Gentle talkin’ Joe McIntyre needs a cook for the Double H guest ranch. What he gets instead is Jenny, a woman with no memory who brings out all of his protective instincts. Joe and Jenny find strength, comfort, and love in each other’s arms—until they're bombarded with a series of frightening secrets from her past. Will these secrets solidify their bond, or tear them apart forever?
Jenny Smith stared at the long, dusty road in front of her and once again questioned the impetuousness of her journey. Sighing, she swiped the back of her wrist across her forehead, wishing for a hat that blocked more of the blistering sun than her cheap baseball cap did. One painful step at a time, she made her way alongside the gravel road. The shrubs and dirt were marginally easier on her tired feet than the rough rocks.
As she shifted the small backpack containing all of her worldly goods onto her left shoulder, she silently cursed her dust-dry mouth. She’d run out of water almost an hour ago, and now she’d gone far beyond parched. Her stomach quivered with queasiness, and pain throbbed behind her eyes. She had no idea how far she had left to go.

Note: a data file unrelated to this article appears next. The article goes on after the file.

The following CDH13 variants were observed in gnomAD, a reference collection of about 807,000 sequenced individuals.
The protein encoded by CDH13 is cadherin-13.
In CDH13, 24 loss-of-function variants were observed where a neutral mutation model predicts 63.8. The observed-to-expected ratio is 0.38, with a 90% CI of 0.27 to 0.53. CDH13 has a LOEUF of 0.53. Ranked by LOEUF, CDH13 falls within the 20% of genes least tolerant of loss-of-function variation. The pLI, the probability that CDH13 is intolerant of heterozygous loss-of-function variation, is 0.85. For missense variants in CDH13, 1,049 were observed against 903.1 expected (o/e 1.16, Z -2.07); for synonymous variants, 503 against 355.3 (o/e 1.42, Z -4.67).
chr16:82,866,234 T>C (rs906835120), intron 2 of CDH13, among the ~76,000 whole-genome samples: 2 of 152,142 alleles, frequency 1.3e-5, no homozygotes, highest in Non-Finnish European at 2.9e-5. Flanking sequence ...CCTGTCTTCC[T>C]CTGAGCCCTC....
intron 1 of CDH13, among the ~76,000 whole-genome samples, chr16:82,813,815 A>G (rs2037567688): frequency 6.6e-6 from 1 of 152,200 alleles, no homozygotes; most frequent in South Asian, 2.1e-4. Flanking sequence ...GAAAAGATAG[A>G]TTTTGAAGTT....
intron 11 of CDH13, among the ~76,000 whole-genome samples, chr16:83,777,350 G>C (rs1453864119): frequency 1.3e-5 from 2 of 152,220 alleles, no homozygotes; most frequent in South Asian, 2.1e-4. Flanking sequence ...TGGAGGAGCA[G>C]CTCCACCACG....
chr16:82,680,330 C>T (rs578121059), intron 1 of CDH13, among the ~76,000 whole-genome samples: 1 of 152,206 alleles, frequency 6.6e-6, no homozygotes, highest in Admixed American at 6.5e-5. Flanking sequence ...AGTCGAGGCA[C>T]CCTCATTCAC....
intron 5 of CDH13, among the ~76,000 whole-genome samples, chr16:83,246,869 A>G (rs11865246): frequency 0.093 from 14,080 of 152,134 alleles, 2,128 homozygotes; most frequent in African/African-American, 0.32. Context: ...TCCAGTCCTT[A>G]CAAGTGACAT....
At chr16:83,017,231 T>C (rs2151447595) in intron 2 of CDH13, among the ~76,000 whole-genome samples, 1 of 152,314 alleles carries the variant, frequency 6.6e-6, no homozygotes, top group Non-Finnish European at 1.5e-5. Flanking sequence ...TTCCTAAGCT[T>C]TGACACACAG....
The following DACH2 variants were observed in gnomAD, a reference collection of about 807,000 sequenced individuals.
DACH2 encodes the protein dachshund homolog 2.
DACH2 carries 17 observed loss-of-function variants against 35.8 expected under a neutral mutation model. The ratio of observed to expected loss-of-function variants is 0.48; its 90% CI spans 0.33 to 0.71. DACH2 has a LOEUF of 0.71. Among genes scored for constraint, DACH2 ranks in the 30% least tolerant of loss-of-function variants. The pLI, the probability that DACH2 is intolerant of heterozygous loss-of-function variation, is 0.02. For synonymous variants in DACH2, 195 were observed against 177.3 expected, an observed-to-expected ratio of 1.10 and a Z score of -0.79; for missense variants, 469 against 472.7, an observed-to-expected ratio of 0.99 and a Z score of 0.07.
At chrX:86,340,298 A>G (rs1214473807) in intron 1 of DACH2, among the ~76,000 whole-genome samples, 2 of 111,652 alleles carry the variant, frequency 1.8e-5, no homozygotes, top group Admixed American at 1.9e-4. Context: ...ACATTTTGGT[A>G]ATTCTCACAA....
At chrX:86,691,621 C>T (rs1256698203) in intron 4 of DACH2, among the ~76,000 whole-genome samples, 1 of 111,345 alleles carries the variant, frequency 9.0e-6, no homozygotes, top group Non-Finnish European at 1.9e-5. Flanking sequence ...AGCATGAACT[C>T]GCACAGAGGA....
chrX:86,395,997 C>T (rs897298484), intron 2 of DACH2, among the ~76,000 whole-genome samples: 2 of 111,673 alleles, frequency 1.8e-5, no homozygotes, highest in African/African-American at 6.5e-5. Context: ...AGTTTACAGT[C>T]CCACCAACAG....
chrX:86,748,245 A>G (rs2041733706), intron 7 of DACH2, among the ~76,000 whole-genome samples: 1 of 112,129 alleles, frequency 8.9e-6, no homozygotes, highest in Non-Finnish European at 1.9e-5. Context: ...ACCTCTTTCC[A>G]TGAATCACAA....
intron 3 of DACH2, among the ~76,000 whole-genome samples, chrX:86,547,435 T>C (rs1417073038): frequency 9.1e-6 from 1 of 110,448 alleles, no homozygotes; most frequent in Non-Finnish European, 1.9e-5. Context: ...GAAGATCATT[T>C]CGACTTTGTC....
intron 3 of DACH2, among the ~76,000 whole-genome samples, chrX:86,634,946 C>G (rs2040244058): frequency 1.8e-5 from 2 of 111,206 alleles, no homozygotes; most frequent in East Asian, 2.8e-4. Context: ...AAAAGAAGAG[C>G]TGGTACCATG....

To convince herself to keep going, putting one foot in front of another, she pulled the newspaper out from under her arm and unrolled it to look at the ad she’d circled nearly three days ago, while sitting in a doctor’s office in Williams Lake, British Columbia.
Help needed! Chef for guest ranch. Must be able to prepare three meals a day for up to fifteen people. Double H Ranch, Cache Creek, B.C. See Joe McIntyre.
At a loss for an alternative, Jenny had packed her measly belongings into a backpack one of the nurses at the hospital had given her. Then she bought a bus ticket to Cache Creek with the money donated by the nurses and doctors of the Williams Lake Hospital.
The bus had arrived in the tiny town of Cache Creek a little after one in the morning. After spending the remainder of the night in the bus station, catching catnaps between fits of restlessness, she asked for directions to the Double H. The walk wasn’t supposed to have been more than thirteen miles, a four-hour hike, in her estimation. But by eight that morning, the heat had already begun to swelter, forcing her to slow her pace.
Now, three hours later, she seriously questioned her sanity.